I considered whether the younger two children should be joined as parties and determined that that was not necessary. I also bore in mind that there is potential damage to children in being participants in litigation. It seemed to me there was nothing that could not be argued, in any event, without the participation of those children as parties to the proceedings, and that it may be harmful to them, and indeed would not assist in the clarity of the argument, if they were separately represented or indeed joined as parties at all. I would rely upon the mother and possibly also Mr Hames for J and D to raise with the court any argument that there may be about the intolerability of some of the children having to return without others of the children. In other words, if thought were to be given to the possibility of the younger two going back, because their objections were of a different character to the older two, then the court would need to be invited to consider whether it would be intolerable to split the children in that way.

    We have touched today upon the very difficult question of the rules which apply to the joinder of parties and the status of parties who are children in this court. In short the issue is whether the matter is governed by the Family Procedure Rules 2010 or by the Civil Procedure Rules Part 52 and the other provisions in the CPR to do with the joinder of parties. If the CPR apply it seems that there is no test laid down by the rules for the joinder of the children and whether they should have any form of litigation friend. If the FPR apply, then the children are joined if it is in their best interests to join them and they are required to have a guardian.

    This is a difficult issue. The FPR provide at rule 2.1 that they apply in the courts up to the High Court, unless the context otherwise requires (I am not quoting directly from the rules in saying that). Mr Hames sought to advance an argument that as there were not any provisions of equivalent nature in the Court of Appeal by virtue of the CPR, the context otherwise required and the FPR would apply. That is a matter that he may wish to advance, but I was not of the view that a definitive answer should be given about that today. There are other arguments that may be advanced, I think, by way of suggestion that the FPR could have an impact in this court. I note what Lord Wilson said in Re LC where he may have thought that the FPR would apply in this court.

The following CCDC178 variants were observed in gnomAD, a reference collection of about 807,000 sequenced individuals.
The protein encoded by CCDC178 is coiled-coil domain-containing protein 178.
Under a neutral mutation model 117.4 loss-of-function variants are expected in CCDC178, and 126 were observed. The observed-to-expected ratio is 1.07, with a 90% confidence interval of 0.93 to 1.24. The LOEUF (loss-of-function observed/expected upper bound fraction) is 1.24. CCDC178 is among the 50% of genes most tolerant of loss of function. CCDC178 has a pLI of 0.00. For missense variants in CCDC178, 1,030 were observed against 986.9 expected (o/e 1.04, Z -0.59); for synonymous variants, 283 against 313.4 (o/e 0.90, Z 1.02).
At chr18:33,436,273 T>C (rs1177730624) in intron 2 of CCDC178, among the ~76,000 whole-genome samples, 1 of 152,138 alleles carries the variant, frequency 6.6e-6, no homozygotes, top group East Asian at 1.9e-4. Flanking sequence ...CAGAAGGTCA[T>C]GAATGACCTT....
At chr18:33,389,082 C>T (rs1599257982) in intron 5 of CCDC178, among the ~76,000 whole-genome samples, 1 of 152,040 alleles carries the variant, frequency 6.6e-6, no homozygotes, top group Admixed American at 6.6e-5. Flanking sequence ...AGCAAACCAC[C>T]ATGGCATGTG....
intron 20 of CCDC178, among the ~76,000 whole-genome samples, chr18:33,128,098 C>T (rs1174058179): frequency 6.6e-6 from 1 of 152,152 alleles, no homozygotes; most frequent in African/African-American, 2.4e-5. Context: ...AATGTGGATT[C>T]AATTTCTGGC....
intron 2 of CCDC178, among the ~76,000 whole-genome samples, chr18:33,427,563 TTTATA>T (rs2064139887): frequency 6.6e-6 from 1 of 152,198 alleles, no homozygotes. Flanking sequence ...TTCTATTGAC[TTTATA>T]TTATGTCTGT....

This being a difficult issue it is not appropriate for determination on a directions appointment in front of a single Lord Justice. It is not necessary for me to determine it today because I can make arrangements for the children which have sufficient flexibility to allow the full court to determine the matter, if it thinks that it is necessary so to do, when it hears the appeal. It can then have the benefit of full argument on all sides on the issue and the input of three Lord Justices. The reason I say that the matter can be dealt with without making a determination today is that it seems to me there is no prejudice to anybody if the children are joined with a litigation friend following essentially the CPR procedure, and the litigation friend remains sufficiently flexible to act as a guardian should it turn out that that is the appropriate procedure.

    As far as I am aware nobody has raised any objection to this course being taken. The solicitor for the children is equally appropriate either as a litigation friend or as a guardian. Lord Wilson referred to the possibility that a solicitor would act as a guardian in Re LC. She can therefore convert, with no difficulty at all, into the role of a guardian should the court think that that is appropriate. I am quite satisfied that it will make no difference to the way in which she approaches the matter between now and then.

    So that matter will be left for the full court and I will invite counsel, when I finish giving this short judgment, to help me to formulate a question for the full court to determine if it chooses so to do. I am not binding its hands. It may determine that it is not necessary to make the decision in this case because everything has proceeded, practically speaking, along satisfactory lines anyway and there are plenty of other things to determine in the course of the proceedings.